Experts find that you could boost the Australian economy by $78 billion 0



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A new report has found that companies who refuse to hire retirement-age approaching workers are costing the economy billions.

According to the PwC ‘Golden Age Index’, if Australia’s employment rates for workers aged more than 55 years old were increased to levels that Sweden has, the nation’s gross domestic product could be about 4.7 per cent higher, equivalent to about $78 billion annually.

The report found Australia to be in the middle of countries employing people aged 55 and over, whereas Sweden was one of the leading countries with around three quarters of its population aged over 55 employed.

The report, which relies on the most recent data from 2014, found Iceland was ranked as the best OECD nation when it comes to keeping older workers employed, for the fourth consecutive time since 2003.

However, New Zealand has seen a rapid transformation, moving from ninth place in 2003 to second in 2014. Australia, which was ranked 20th in 2003 has moved to 16th place in 2014, dropping back on the 2013 ranking of 15th.

PwC national economics and policy consulting partner Jeremy Thorpe said Australia had been slower than it needed to be to act on encouraging older workers to remain in the labour force.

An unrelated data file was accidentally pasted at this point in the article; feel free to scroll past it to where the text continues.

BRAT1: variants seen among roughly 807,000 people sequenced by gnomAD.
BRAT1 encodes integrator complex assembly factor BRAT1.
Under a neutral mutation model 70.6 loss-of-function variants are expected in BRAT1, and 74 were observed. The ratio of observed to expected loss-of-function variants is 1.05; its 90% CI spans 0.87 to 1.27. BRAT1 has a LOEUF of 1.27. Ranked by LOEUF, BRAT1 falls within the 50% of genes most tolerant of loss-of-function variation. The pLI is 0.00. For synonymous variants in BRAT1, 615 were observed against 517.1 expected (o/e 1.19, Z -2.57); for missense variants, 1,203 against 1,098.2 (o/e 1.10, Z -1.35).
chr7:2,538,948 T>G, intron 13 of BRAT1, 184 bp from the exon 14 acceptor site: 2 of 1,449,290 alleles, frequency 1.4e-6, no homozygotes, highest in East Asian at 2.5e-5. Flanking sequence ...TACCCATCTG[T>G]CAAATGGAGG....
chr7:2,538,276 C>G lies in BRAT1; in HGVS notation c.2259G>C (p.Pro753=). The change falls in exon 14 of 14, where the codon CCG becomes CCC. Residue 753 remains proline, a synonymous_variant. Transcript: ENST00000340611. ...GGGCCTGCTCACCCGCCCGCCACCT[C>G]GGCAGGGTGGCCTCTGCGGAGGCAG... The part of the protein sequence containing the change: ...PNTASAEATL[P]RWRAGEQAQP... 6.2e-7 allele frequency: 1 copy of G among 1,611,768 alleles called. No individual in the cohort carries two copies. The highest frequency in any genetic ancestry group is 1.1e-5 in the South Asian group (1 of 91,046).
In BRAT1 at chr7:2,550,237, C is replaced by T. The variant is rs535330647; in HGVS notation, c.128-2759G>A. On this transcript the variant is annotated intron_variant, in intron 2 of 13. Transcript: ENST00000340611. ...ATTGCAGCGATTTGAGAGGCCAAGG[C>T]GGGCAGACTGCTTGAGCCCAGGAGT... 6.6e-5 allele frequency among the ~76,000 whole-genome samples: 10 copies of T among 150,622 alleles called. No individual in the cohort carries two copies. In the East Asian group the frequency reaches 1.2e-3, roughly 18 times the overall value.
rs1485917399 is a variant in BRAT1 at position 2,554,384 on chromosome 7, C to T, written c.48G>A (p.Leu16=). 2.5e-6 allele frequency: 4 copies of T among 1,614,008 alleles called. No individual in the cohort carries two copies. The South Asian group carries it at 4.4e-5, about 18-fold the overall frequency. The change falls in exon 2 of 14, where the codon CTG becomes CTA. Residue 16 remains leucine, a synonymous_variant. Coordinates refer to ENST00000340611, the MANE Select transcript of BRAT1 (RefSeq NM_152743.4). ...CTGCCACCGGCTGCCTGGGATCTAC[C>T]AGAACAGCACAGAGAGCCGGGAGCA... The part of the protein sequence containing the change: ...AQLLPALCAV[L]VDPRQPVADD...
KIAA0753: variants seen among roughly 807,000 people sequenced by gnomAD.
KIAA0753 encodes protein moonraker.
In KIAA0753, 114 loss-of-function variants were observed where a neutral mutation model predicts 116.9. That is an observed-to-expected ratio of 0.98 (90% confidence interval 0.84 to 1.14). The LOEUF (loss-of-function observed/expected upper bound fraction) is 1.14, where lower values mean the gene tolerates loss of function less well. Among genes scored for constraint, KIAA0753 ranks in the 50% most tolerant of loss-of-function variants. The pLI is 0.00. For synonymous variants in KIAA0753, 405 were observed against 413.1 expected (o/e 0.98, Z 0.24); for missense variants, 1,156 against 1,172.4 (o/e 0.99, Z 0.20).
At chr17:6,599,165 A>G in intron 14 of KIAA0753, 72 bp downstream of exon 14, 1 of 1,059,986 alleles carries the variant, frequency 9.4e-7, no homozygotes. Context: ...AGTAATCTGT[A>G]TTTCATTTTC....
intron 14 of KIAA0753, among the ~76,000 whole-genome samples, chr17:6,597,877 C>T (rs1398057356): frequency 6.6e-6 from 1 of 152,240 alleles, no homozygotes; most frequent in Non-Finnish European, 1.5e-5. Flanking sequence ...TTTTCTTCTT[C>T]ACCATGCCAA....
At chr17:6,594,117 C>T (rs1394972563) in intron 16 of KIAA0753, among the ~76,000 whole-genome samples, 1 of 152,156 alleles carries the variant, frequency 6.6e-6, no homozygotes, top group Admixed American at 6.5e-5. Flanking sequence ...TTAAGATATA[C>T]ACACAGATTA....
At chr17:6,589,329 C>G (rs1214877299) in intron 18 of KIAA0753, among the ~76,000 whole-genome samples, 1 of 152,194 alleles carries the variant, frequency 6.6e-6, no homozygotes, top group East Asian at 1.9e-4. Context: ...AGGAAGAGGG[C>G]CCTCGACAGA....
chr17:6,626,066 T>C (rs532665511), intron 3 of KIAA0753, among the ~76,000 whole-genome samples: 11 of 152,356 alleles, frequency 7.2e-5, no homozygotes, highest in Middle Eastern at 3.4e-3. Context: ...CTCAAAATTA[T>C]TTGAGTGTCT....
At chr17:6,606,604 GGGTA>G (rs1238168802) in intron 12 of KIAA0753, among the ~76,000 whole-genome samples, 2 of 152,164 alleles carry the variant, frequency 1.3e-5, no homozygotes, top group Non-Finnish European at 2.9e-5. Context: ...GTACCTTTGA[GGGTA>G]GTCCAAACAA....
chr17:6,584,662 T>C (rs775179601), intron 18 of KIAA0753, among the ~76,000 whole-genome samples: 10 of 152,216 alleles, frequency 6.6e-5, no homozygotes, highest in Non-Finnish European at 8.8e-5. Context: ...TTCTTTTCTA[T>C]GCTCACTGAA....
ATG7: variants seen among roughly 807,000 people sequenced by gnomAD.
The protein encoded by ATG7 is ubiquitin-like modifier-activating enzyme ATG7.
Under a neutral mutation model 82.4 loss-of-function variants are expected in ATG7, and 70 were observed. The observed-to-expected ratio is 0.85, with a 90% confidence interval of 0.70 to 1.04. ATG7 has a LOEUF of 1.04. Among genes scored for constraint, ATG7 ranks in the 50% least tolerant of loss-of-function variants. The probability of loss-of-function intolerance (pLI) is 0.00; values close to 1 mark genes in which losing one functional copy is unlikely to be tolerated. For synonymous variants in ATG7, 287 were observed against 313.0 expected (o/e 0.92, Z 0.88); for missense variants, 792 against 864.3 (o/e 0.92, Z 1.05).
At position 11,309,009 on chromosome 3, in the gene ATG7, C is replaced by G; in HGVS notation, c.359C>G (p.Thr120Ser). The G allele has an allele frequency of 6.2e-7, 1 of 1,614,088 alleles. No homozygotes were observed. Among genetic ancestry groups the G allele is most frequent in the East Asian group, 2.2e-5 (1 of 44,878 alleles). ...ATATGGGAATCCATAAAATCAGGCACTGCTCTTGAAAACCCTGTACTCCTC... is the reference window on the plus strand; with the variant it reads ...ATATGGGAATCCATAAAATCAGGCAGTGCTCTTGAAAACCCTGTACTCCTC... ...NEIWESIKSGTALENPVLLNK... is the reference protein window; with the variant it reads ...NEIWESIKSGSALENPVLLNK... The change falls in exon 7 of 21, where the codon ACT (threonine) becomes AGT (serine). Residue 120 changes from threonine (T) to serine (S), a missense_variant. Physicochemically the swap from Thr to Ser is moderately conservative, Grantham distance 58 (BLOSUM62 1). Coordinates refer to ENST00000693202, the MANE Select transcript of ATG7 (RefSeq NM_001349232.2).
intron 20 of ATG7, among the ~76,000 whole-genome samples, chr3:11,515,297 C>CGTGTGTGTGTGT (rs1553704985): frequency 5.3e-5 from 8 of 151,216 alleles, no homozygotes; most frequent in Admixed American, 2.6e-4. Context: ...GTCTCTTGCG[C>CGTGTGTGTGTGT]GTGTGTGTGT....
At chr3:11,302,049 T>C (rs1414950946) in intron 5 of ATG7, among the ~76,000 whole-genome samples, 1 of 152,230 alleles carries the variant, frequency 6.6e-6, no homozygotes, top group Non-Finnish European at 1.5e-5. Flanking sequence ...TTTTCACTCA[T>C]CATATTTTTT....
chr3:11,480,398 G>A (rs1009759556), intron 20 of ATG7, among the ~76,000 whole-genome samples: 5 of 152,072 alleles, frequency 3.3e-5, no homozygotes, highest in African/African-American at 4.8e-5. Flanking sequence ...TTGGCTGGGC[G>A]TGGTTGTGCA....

He said it would take at least 10 years for the $78 billion of extra GDP to come to fruition.

Mr Thorpe said the countries with the strongest record of employing senior workers had taken similar initiatives. “One, they encourage later retirement, so that might be the carrot-on-a-stick issue in the sense of raising the pension age so that people are incentivised to work longer,” he said.

“But in fact there are other elements too, and the second one is improving employability, and that’s really along lifelong education. Reducing employment barriers for older workers is the third one.”

Susan Ryan, the Australian Human Rights Commission’s Age and Disability Discrimination Commissioner, said they had found that one of the main barriers for older Australians trying to find work was discrimination.

Last year the commission began a national inquiry into employment discrimination against older Australians and Australians with disability. The report was released in May.

“The basic barrier is age discrimination,” Ms Ryan said. “But as well as that, people in the workforce who understand that they need to up skill themselves and so on so that they can continue to be productive, are often denied training opportunities, they’re denied promotional opportunities. And all of this means they become less and less employable.”

However, the inquiry also found many examples of Australian businesses and organisations with policies to keep skilled and experienced workers employed.

Ms Ryan said, “Australia Post provides flexibility to their employees so that they can continue getting the benefits of their skills. I think everyone’s heard of Bunnings, which has made a huge business success out of providing employment for older trade workers or building workers who of course are so good at selling the products that you buy at Bunnings.”

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